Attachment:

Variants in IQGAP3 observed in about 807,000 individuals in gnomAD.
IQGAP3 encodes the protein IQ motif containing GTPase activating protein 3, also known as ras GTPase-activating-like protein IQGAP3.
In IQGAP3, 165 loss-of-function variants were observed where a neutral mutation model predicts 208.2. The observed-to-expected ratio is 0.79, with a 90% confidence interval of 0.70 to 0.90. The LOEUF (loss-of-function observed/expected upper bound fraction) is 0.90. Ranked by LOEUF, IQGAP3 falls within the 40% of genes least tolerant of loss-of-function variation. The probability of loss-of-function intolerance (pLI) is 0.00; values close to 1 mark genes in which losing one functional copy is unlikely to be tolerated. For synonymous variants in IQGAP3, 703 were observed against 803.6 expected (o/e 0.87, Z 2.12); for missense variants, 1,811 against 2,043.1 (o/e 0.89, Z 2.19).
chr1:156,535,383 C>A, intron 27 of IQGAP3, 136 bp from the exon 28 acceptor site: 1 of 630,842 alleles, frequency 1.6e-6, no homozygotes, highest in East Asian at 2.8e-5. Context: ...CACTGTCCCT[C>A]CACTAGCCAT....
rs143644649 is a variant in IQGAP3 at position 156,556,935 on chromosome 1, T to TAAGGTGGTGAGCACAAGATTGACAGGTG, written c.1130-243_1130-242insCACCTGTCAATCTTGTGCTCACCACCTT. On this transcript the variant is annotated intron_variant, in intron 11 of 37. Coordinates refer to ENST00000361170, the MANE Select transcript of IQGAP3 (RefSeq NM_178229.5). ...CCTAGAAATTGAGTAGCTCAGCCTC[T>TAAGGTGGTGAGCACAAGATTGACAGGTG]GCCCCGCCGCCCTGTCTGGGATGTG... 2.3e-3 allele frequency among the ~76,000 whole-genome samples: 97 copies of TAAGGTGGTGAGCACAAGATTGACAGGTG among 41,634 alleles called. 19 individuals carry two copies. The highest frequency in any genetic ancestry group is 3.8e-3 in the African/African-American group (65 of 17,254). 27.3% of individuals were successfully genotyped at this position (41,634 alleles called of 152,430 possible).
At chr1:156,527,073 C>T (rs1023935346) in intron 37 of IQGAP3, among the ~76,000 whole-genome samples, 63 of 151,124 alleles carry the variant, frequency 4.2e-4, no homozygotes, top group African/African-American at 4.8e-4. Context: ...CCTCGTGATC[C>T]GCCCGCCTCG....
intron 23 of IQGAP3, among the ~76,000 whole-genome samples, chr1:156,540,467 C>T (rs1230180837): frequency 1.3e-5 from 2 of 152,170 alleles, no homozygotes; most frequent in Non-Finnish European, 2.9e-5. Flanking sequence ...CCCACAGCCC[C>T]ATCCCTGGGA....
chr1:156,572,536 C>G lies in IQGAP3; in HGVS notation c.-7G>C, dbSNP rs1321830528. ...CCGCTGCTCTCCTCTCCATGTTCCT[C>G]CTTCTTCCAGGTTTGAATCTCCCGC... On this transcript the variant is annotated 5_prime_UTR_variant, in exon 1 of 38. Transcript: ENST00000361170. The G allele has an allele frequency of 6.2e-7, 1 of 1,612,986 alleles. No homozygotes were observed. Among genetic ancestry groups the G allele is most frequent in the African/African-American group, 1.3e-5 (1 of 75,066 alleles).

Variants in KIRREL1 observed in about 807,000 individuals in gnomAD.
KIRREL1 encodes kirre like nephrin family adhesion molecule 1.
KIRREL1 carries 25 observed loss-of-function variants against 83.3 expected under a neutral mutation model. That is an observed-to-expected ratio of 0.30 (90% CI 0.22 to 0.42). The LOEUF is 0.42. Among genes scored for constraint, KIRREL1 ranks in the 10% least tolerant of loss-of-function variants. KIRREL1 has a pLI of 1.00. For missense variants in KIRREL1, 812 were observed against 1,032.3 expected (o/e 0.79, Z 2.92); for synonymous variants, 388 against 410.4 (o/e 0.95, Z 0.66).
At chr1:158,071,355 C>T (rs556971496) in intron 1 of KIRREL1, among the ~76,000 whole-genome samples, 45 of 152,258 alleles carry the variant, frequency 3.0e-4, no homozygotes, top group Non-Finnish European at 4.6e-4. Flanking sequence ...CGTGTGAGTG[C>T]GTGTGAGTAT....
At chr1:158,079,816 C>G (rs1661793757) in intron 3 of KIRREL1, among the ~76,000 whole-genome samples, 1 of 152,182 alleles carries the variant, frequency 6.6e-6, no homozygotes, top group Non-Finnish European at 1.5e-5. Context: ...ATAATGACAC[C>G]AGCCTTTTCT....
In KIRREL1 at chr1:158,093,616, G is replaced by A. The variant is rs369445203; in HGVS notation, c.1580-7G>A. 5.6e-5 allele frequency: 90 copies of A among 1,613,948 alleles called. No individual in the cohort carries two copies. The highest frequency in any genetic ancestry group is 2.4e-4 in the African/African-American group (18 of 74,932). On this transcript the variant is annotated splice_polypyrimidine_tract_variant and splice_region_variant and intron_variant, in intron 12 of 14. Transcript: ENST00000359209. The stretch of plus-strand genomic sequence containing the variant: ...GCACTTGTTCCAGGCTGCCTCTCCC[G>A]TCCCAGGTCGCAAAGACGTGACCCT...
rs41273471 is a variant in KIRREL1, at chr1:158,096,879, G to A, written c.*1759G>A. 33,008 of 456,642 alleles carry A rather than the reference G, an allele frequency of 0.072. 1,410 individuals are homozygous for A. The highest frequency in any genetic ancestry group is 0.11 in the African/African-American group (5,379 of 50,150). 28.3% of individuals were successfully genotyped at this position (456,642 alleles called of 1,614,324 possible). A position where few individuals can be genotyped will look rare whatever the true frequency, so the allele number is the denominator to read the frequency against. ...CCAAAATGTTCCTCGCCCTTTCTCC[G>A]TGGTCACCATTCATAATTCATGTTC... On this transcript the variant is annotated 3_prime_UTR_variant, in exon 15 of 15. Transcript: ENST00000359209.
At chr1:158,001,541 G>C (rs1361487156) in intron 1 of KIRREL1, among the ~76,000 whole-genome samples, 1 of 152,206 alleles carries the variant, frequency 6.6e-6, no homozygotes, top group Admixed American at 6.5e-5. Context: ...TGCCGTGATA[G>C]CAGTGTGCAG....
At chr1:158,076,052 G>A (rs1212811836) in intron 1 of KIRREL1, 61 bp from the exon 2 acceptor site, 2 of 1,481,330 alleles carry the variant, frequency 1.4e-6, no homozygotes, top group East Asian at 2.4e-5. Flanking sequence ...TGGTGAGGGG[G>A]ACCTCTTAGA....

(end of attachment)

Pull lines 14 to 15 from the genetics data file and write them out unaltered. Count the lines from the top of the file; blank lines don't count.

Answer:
In KIRREL1 at chr1:158,093,616, G is replaced by A. The variant is rs369445203; in HGVS notation, c.1580-7G>A. 5.6e-5 allele frequency: 90 copies of A among 1,613,948 alleles called. No individual in the cohort carries two copies. The highest frequency in any genetic ancestry group is 2.4e-4 in the African/African-American group (18 of 74,932). On this transcript the variant is annotated splice_polypyrimidine_tract_variant and splice_region_variant and intron_variant, in intron 12 of 14. Transcript: ENST00000359209. The stretch of plus-strand genomic sequence containing the variant: ...GCACTTGTTCCAGGCTGCCTCTCCC[G>A]TCCCAGGTCGCAAAGACGTGACCCT...
rs41273471 is a variant in KIRREL1, at chr1:158,096,879, G to A, written c.*1759G>A. 33,008 of 456,642 alleles carry A rather than the reference G, an allele frequency of 0.072. 1,410 individuals are homozygous for A. The highest frequency in any genetic ancestry group is 0.11 in the African/African-American group (5,379 of 50,150). 28.3% of individuals were successfully genotyped at this position (456,642 alleles called of 1,614,324 possible). A position where few individuals can be genotyped will look rare whatever the true frequency, so the allele number is the denominator to read the frequency against. ...CCAAAATGTTCCTCGCCCTTTCTCC[G>A]TGGTCACCATTCATAATTCATGTTC... On this transcript the variant is annotated 3_prime_UTR_variant, in exon 15 of 15. Transcript: ENST00000359209.